Another thing I've been browsing through this month is Enthralled Magazine. Isn't that a great title for a mag for authors?! It's a collaborative magazine that's a place for authors and writers to share their ideas and journeys. So if you're interested in writing, why not check it out here. It's free for now, but if you find it useful, you might want to donate and/or contribute. It's been developed by some of my Aussie kid lit Facebook friends - they've done an amazing job.
Things I am looking forward to in April:
1. Easter. I love celebrating Easter by going to church, eating chocolate and hot cross buns! I wonder if you can guess my favourite type of Easter Egg? Hint: It's nursery rhyme related.
2. I'm chuffed to be partnering with Vinnies for an inaugural StoryTime at their flagship Brookvale store. Do come along and see me read The Scared Book and check out Vinnies treasure-trove! It's at 10.30 the Thursday after Easter (5th April). The next week, author Brydie Write will read her tongue-in-cheek take on toilet politics :)
3. SCBWI is having a session on school visits and what authors need to know. I always love a good SCBWI get-together and there's always something useful to take home.
4. Zanni Louise, who I interviewed for the Just Write For Kids Blog last year, and whom I've never met in person, will be at The Children's Bookshop, Beecoft, celebrating her latest release series - Tiggy and the Magic Paintbrush at 12MD on the 24th. I'm looking forward to finally meeting Zanni! The bookshop is also running amazing school holiday workshops for kids AND adults - including with Zanni herself, so be sure to check those out too.
Wishing you all a happy and blessed Easter.
* Shaye's other WOULD choose books were:"Hark, it’s Me, Ruby Lee! because it has awesome characters and a rich plot and Ready, Steady, Hatch! because it’s so much fun!"
Ruby Lee was shortlisted!
Here's The Scared Book with a bit of bling on the cover. Doesn't it look fancy?! It's been long-listed for the Children's Book Council of Australia (CBCA) Book Of the Year, and I feel honoured and thrilled for the #thescaredbook team! The book is born of collaboration. Kim, the illustrator has taken my words and brought them to life in the most amazing and unpredictable way, and Suzanne O'Sullivan and the team at Hachette have guided and overseen the process and added their own touches, like the gorgeous embossing on the cover.
In celebration of being a notable book, I thought it would be nice to hear from one of these co-collaborators, the amazing illustrator, Kim Siew.
I love what Kim brought to The Scared Book. It was an unusual manuscript – not your usual illustrating a story. Kim had to make the book a character and bring it to life, as well as make it appealing so children want to interact with it. Kim’s quirky and playful take on my manuscript is colourful, bold and amazing! Here's a Q & A with Kim Siew...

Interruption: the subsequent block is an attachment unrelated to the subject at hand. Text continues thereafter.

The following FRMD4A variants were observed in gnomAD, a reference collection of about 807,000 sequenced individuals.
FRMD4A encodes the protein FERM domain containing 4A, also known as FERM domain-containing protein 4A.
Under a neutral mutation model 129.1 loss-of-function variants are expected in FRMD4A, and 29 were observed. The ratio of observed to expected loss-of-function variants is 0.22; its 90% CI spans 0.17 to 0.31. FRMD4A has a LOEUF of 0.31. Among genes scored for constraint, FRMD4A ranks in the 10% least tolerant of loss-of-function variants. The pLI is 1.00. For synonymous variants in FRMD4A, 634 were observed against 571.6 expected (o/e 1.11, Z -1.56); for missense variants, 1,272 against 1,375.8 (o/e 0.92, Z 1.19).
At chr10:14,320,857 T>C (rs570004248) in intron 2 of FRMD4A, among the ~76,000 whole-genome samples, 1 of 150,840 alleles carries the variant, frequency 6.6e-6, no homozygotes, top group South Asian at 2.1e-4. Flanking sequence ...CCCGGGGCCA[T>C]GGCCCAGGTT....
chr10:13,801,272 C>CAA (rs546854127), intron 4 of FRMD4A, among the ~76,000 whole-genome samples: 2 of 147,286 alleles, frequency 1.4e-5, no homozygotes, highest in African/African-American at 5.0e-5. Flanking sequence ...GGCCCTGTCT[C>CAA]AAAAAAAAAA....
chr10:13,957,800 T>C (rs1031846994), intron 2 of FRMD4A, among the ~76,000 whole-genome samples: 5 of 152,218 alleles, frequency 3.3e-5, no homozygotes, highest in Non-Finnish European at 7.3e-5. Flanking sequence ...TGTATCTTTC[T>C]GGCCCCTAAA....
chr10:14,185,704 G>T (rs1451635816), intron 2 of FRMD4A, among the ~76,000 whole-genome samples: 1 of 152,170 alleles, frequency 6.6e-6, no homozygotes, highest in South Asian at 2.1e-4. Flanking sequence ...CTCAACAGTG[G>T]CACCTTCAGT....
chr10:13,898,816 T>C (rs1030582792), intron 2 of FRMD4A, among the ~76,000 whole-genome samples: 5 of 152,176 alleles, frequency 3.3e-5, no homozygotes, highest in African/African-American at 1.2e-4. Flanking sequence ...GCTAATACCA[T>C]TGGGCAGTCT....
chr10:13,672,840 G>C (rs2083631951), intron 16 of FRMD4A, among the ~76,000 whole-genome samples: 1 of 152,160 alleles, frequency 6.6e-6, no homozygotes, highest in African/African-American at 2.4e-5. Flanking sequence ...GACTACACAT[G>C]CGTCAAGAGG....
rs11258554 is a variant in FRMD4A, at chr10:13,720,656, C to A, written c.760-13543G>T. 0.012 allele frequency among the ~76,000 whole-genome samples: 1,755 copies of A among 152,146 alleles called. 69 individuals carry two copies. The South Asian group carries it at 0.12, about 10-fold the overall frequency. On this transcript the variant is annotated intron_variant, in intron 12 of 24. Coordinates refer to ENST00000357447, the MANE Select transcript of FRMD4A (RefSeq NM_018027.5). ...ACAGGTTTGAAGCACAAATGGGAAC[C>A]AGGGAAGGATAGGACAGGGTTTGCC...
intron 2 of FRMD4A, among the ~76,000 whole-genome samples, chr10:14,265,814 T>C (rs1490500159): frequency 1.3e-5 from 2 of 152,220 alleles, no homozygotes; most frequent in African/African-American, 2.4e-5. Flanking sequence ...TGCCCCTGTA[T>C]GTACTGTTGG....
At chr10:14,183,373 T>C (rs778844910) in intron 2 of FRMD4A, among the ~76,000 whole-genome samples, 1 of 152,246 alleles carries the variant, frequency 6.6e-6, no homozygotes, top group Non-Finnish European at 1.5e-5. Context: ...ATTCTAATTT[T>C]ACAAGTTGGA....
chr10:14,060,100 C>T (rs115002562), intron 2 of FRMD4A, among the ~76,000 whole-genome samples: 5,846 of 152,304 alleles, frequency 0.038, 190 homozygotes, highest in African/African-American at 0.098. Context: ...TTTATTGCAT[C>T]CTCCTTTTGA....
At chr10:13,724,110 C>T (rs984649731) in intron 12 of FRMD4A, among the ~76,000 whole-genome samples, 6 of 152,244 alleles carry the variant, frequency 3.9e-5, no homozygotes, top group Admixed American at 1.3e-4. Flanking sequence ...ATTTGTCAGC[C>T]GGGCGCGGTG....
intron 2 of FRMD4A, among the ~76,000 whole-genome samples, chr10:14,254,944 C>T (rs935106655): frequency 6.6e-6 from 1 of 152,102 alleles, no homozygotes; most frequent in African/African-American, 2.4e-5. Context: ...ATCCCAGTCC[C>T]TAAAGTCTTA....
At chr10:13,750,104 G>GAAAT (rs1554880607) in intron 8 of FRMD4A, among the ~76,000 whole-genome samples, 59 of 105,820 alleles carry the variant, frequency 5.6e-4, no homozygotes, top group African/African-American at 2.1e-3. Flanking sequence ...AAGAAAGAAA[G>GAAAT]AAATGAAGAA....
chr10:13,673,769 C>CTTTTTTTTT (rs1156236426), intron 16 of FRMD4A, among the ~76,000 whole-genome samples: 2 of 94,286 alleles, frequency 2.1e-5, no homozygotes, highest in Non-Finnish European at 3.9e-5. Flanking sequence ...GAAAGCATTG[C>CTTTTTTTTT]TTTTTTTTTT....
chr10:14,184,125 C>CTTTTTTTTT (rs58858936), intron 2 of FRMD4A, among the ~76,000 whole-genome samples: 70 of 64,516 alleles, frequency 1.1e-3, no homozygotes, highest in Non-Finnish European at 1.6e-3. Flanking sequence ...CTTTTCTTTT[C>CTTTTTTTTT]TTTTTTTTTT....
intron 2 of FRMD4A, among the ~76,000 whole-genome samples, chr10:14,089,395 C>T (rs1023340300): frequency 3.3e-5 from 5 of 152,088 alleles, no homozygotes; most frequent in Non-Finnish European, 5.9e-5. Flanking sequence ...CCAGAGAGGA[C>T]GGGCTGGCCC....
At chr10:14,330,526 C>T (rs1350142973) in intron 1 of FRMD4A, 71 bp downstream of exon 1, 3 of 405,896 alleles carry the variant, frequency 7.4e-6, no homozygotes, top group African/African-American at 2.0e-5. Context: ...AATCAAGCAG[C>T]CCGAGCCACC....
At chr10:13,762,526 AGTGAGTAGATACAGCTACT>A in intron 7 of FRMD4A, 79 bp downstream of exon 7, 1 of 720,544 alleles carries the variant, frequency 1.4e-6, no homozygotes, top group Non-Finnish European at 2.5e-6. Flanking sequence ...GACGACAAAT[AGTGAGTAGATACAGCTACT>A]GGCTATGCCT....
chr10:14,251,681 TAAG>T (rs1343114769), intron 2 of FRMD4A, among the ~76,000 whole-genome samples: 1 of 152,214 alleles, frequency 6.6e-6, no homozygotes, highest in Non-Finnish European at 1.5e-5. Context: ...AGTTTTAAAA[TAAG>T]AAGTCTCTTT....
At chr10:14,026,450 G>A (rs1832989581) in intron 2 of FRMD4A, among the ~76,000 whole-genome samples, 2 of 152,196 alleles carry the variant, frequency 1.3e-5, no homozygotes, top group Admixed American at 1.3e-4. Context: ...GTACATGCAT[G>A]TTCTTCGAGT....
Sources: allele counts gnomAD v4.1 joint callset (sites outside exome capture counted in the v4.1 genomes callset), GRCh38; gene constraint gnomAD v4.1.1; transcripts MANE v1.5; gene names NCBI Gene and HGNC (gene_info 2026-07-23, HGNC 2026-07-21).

First off, thanks so much Kim, for taking on this book and helping make it something so very special. I’m interested in how you first felt when you saw the manuscript for The Scared Book and what inspired you to take it on?
I enjoyed that as the reader you were encouraged to be so interactive with the story. You guided it and were a part of it. I loved that sense of playfulness. (But really, I just wanted the chance to draw lots of monsters!)
What was your thinking processes that lead to coming up with the ideas we have?
When I first read the manuscript, all the words that jumped out to me were the interactive elements. It was fun! So I wanted the monsters to echo that sense of fun, for them to be silly and friendly rather than scary, so that kids would be more willing to engage and interact with the book.
What medium did you use to illustrate The Scared Book and why?
I like to start with pencil and paper as I find I’m a lot more loose and free, which helps to get my ideas out. Then I’ll start cutting out shapes with coloured paper and moving them about to see what forms I can create, and this tends to create a body, sometimes even a texture or personality for a character. After finding the essence of a character through this, I’ll hand draw again, but this time the character is more precise. This hand drawn image is my base, which I then scan onto my computer. All the monsters are then created through digital collage, using a mixture of textures and papers that I scanned into the computer, and then drawing into them again on the computer. I’m able to move things around a bit easier once I have them all on the screen, assembling all the parts just as I would do with paper collage.
Being a book bursting with monsters, I was worried that they might appear too scary for the child reader. I needn’t have worried – the result is cute and quirky – with only a hint of danger! How did you go about the process of getting the monsters with the right balance?
Big eyes, no sharp teeth! And such fantastic guidance and feedback from Suzanne from Lothians.
What made you think of adding monster elements to the scared aspects – the goose- bumps and butterflies for instance?
I wanted the book to be inundated with monsters in all forms…it is a story about monsters after all! The more monsters in the book the better, it keeps you turning the pages to find more!
What were your favourite spreads to illustrate?
Tingle and Smelly. They are probably the most simple of all the monsters, but they are both so loveable to me.
Here's a gorgeous animation that Kim made of the tingly spine:
When Suzanne O’Sullivan indicated an interest in my manuscript, she told me early on that she had someone in mind who had more of a graphic design background, which I thought was brilliant given the type of book it is. So tell me about your background and your work.